Keep in mind, being OPEN to anything is great. But you can’t, and shouldn’t take all the advice you are given.

Kathy Temean herself put it best when she critiqued one of my manuscripts and told me, “Always remember that it is your story and you should follow the vision that you have.”

Let people point out things to consider. DO consider them. But remember that they are critiques, NOT corrections.

The revision list is endless. But I’ll wrap up with this category:

Personalize Your Process

Maybe you’re good at word count, but struggle with getting to the conflict quickly, or excellent at character development, but overly descriptive.

Write down a physical list of your sticking points. It gives you something to refer to. AND you’ll find yourself increasingly aware of these concepts as you’re writing.

Here’s a few that might make it to your list: 

Keep age in mind: Josh Getzler, agent and founder of HSG, in Agent Q & A: Revisions by Operation Awesome says that it’s one of the most frequent revisions he suggests. He often has to give direction on matching the age of the reader, with character age, plot, tone, etc.

Check your opening: If someone only saw the first 100 or 300 words, would they be HOOKED? Like Erin Harris, agent at Folio, mentions in that same Q/A article, this is where you’re selling yourself and your manuscript the MOST. If you’re not immediately hooked, perhaps you started in the wrong place.

Put lists in your list: Bruce Coville, author of the Unicorn Chronicle series, talks about how he keeps a list of words he knows he overuses so he can search for them later, in Cuppa Jolie’s great Wednesday Whip Tip.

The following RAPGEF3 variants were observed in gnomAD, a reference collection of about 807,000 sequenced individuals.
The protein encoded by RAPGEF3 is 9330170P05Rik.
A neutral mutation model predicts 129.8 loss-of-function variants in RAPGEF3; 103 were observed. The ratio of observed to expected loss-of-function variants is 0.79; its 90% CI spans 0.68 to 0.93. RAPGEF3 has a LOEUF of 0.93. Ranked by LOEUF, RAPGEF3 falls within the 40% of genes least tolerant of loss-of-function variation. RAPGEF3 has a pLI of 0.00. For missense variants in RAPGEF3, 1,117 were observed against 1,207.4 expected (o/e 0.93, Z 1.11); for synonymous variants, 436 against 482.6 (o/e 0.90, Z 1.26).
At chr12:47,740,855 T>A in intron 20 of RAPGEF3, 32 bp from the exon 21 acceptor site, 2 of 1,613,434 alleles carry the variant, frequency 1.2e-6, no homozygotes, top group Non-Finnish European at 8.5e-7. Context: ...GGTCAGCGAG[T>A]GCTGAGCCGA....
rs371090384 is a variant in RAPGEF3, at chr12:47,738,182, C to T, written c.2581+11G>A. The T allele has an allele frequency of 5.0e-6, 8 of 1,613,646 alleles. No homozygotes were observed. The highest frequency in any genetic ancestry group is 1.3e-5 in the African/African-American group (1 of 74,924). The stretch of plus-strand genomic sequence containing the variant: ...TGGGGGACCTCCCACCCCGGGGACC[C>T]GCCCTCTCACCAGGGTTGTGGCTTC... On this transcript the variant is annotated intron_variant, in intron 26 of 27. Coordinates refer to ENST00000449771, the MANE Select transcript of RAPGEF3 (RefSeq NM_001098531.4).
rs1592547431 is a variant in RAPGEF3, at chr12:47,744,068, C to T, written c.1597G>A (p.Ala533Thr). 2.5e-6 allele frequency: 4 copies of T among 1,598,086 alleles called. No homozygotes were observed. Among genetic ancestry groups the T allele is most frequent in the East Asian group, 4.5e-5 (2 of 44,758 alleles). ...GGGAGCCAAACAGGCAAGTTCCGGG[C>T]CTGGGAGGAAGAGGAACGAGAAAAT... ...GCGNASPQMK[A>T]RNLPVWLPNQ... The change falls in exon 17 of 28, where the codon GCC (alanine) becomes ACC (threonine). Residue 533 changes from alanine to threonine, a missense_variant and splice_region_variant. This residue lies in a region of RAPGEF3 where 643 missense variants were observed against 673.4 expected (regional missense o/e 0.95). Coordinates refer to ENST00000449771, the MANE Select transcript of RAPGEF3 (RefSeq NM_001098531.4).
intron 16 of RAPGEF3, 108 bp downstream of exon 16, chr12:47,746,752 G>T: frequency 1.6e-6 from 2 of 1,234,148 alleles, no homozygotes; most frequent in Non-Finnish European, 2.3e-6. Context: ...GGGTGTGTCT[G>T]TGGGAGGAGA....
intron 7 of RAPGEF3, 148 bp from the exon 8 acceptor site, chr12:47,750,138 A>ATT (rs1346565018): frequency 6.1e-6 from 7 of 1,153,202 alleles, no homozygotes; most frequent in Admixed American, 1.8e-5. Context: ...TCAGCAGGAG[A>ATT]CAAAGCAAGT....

And again, never forget that what you’ve already accomplished is something to celebrate! 

As Erin Bartels discusses here, patience is really the name of the game.

Not easy. But worth it, because your manuscripts deserve to be treated right!

Erika Wassall is a writer, a farmer and a liver of life. She is a member of SCBWI and a proud Mad Scientist, bringing science experiments right into children’s classrooms, and hearts. She has a small farm in New Jersey with sheep, chickens, pigs and vegetables. Check out her new website at where as a first generation farmer, she often takes the long way, learning the tricks of the trade on The Farm. On her website is also The Shop page with tips and a free Q/A from her husband’s mechanic shop, and The Writer page where she shares stories, experiences and characters from the heart. Follow her on Twitter at @NJFarmScribe. She’d love to hear from you!

Thank you Erika for another great post.

Talk tomorrow,




  1. All of this is so helpful and true! There are so many processes that go into writing that you need to revisit your manuscript so many times through so many lenses. Good writers groups and critique partners are worth their weight in gold because they can help guide us in the processes we may not excel in. Thanks for putting all this on the page…er…blog post 🙂


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  3. Great advice! Thanks for sharing!


  4. This was one of the best and most helpful articles on writing I’ve read since graduating from Notra Dame de Nameur University!!